People desire meaningful spiritual experiences, not dogma.Traditional religion has been tested and found wanting. Don't blame the seekers if you can't give them something real.

    September 30, 2012 at 12:51 pm |
  14. Easygoing7

    The author appears really out of touch with any idea beyond their own dogma. A wastes of a 3 minute read.

    September 30, 2012 at 12:51 pm |
  15. rampantmisdirection

    Wow, Mr. Miller sure does seem to have this spiritual but not religious thing figured out! It will most certainly lead those practicing it to certain doom and create chaos. Fire and brim stone, plagues, locusts, dogs and cats living together.

    Or perhaps not.

    Mr. Miller would have us believe that a mythology with a written dogma is somehow superior to those without. Yet, people, every day guide themselves through the day without the need of a priest, rabbi, pastor, cleric.

    Mr. Miller writes this article with the voice of a man who has been robbed of the power to control others.

    September 30, 2012 at 12:51 pm |
    • Keith

      I am amazed, you figured out his whole intent, thanks

      September 30, 2012 at 12:53 pm |
  16. cocteautwin

    We’re not bringing struggle to an end. We’re not trying to not struggle anymore. We’re just noticing that there is a whole other dimension to consciousness that, in this very moment, isn’t struggling, isn’t resentful, isn’t trying to get somewhere. You can literally feel it in your body. You can’t think your way to not struggling. There isn’t a three-point plan of how not to struggle. It’s really a one-point plan : notice that the peace, this end of struggling, is actually already present. The process is therefore one of recognition. We recognize that there is peace now, even if your mind is confused. You may see that even when you touch upon peace now, the mind is so conditioned to move away from it that it will try to argue with the basic fact of peace’s existence within you : “I can’t be at peace yet because I have to do this, or that, or this question hasn’t been answered, or that question hasn’t been answered, or so-and-so hasn’t apologized to me.” There are all sorts of ways that the egoic mind can insist that something needs to happen, something needs to change, in order for you to be at peace. But this is part of the dream of the mind. We’re all taught that something needs to change for us to experience true peace and freedom. Just imagine for a moment that this isn’t true. Even though you may believe that it’s true, just imagine for a moment : what would it be like if you didn’t need to struggle, if you didn’t need to make an effort to find peace and happiness ? What would that feel like now ? And just take a moment to be quiet and see if peace or stillness is with you in this moment.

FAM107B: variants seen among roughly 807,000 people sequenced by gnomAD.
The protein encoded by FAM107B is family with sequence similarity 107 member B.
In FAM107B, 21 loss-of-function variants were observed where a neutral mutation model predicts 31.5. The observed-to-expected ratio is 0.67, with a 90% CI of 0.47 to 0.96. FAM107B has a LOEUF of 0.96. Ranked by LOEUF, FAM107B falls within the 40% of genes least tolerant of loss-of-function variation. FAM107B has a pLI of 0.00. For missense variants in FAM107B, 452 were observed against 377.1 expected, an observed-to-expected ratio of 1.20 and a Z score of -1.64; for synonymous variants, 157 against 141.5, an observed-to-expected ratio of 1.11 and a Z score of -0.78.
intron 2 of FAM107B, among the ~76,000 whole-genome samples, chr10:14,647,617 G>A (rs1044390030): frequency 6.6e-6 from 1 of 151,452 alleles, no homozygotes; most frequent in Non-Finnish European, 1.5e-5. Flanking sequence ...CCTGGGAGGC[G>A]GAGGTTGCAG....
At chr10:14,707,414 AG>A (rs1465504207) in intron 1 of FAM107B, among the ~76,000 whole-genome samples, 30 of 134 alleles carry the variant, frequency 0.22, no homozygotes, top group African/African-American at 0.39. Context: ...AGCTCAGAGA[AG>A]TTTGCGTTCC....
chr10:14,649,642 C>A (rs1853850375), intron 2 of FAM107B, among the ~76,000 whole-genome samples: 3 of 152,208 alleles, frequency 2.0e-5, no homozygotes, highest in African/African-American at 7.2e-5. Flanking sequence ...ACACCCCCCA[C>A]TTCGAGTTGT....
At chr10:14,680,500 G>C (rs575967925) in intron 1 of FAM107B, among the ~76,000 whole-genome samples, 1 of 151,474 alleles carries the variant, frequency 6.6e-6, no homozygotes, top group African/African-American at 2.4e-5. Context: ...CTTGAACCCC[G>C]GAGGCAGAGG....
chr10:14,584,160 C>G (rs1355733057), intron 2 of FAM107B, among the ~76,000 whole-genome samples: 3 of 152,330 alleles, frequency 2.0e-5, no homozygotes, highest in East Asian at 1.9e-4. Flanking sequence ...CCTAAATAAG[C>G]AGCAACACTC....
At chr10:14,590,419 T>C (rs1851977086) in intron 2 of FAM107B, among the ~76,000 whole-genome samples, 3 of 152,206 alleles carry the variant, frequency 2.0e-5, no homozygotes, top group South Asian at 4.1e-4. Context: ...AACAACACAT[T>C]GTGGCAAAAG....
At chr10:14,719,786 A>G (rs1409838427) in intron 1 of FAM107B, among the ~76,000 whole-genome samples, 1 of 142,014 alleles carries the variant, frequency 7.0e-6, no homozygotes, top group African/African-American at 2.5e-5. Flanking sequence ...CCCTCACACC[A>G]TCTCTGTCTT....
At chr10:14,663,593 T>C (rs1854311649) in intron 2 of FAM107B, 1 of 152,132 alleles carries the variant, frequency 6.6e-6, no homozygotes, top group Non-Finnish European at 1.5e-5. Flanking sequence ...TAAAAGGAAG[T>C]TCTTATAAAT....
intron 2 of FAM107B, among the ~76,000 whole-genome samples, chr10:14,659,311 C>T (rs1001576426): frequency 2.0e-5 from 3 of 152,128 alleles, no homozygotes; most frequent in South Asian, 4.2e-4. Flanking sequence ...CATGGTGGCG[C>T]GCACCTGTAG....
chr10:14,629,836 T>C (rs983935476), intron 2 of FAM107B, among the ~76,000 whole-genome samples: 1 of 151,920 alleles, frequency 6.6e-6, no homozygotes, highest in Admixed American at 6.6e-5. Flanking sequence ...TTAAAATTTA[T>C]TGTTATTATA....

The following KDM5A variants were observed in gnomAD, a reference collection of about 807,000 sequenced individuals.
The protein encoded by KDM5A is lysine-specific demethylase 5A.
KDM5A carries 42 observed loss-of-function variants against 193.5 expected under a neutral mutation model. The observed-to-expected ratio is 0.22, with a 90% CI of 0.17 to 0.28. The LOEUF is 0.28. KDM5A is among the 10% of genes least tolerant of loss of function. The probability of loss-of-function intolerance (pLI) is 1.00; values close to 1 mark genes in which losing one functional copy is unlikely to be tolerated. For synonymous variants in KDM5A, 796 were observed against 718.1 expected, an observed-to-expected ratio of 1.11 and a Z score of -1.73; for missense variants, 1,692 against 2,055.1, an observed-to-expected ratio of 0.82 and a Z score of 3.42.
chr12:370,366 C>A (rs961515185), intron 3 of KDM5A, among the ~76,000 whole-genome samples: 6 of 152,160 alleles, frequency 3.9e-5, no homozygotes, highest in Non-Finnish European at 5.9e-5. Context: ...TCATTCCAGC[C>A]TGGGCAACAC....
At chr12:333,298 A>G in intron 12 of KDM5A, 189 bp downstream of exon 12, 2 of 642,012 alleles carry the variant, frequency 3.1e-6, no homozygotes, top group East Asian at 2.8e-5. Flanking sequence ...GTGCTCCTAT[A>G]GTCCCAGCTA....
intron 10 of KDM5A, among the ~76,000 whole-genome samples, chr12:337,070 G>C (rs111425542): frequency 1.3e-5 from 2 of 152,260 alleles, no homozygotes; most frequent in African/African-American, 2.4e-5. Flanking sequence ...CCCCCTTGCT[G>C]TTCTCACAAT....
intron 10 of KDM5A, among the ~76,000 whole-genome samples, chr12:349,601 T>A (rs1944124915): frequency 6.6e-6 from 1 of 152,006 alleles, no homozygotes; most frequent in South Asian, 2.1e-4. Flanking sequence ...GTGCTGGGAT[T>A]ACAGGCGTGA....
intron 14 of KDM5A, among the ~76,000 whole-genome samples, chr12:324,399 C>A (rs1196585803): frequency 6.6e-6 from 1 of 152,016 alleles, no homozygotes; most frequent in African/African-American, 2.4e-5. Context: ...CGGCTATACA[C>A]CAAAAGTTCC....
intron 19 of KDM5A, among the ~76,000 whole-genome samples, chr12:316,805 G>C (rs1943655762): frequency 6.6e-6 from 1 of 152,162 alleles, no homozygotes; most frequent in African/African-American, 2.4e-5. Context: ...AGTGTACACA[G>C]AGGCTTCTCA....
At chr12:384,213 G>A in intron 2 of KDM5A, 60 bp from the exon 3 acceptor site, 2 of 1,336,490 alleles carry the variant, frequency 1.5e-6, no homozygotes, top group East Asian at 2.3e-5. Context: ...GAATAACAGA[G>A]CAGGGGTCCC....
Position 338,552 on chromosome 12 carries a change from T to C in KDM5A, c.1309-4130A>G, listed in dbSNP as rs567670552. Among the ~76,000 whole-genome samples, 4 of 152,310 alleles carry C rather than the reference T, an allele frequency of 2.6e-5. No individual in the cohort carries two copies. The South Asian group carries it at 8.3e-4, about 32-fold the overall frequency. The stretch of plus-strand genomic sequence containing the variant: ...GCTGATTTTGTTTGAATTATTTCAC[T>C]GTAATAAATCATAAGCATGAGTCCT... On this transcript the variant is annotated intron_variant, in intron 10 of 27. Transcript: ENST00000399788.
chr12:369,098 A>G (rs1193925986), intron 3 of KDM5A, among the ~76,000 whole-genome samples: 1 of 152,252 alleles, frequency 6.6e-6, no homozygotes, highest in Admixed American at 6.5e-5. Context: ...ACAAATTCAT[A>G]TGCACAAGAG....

September 30, 2012 at 12:51 pm |
  17. Diego Salles Diniz

    Noooooooo !!! Jesus Christ didn't died and resurrected for us. HE WAS CLEARLY MURDERED BY US and resurrected by "
    somebody else "

    September 30, 2012 at 12:51 pm |
  18. Rhidian

    The author of this opinion is generalizing a personalized approach to spirituality/religion. Just because it isn't "traditional" religion does not mean that people can't get good things out of it.

    And I find it odd that the author feels that the 16% or so of people in the USA that don't follow traditional religion somehow makes the USA a "godless world".

    September 30, 2012 at 12:51 pm |
  19. Jim

    Isn't it strange that Christianity has many core beliefs that are in line with Buddhism and ancient paganism? Makes you think about what the world would be like if everyone just disregarded outside ideas and never allowed their faith and ethics to grow.

    September 30, 2012 at 12:50 pm |
  20. Hob

    Being spiritual means you have been to hell and back and don't want to go back. Being religious is not wanting to go to hell!

    September 30, 2012 at 12:50 pm |
    • Keith

      That defines most of the spiritual folks I have met.

      September 30, 2012 at 12:55 pm |
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About this blog

The CNN Belief Blog covers the faith angles of the day's biggest stories, from breaking news to politics to entertainment, fostering a global conversation about the role of religion and belief in readers' lives. It's edited by CNN's Daniel Burke with contributions from Eric Marrapodi and CNN's worldwide news gathering team.